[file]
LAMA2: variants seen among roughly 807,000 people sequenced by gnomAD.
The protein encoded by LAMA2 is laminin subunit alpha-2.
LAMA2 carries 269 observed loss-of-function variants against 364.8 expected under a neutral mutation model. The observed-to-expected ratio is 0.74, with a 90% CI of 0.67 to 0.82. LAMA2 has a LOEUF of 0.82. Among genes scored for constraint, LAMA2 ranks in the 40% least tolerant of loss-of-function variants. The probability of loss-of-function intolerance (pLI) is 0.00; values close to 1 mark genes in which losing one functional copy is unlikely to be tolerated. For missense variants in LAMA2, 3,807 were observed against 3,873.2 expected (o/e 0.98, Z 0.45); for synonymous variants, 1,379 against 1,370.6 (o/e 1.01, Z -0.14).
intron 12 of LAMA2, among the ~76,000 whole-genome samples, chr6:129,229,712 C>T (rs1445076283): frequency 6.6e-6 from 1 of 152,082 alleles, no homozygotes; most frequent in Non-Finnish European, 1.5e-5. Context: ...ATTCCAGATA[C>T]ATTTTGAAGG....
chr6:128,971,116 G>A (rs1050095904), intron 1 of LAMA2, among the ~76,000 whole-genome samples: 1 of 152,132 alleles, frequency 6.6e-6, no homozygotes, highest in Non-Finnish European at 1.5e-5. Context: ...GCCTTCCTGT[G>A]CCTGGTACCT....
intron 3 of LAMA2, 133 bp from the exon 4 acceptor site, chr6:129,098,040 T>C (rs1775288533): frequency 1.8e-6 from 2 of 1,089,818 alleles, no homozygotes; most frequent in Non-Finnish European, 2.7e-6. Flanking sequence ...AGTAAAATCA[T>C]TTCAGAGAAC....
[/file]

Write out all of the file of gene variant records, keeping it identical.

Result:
LAMA2: variants seen among roughly 807,000 people sequenced by gnomAD.
The protein encoded by LAMA2 is laminin subunit alpha-2.
LAMA2 carries 269 observed loss-of-function variants against 364.8 expected under a neutral mutation model. The observed-to-expected ratio is 0.74, with a 90% CI of 0.67 to 0.82. LAMA2 has a LOEUF of 0.82. Among genes scored for constraint, LAMA2 ranks in the 40% least tolerant of loss-of-function variants. The probability of loss-of-function intolerance (pLI) is 0.00; values close to 1 mark genes in which losing one functional copy is unlikely to be tolerated. For missense variants in LAMA2, 3,807 were observed against 3,873.2 expected (o/e 0.98, Z 0.45); for synonymous variants, 1,379 against 1,370.6 (o/e 1.01, Z -0.14).
intron 12 of LAMA2, among the ~76,000 whole-genome samples, chr6:129,229,712 C>T (rs1445076283): frequency 6.6e-6 from 1 of 152,082 alleles, no homozygotes; most frequent in Non-Finnish European, 1.5e-5. Context: ...ATTCCAGATA[C>T]ATTTTGAAGG....
chr6:128,971,116 G>A (rs1050095904), intron 1 of LAMA2, among the ~76,000 whole-genome samples: 1 of 152,132 alleles, frequency 6.6e-6, no homozygotes, highest in Non-Finnish European at 1.5e-5. Context: ...GCCTTCCTGT[G>A]CCTGGTACCT....
intron 3 of LAMA2, 133 bp from the exon 4 acceptor site, chr6:129,098,040 T>C (rs1775288533): frequency 1.8e-6 from 2 of 1,089,818 alleles, no homozygotes; most frequent in Non-Finnish European, 2.7e-6. Flanking sequence ...AGTAAAATCA[T>C]TTCAGAGAAC....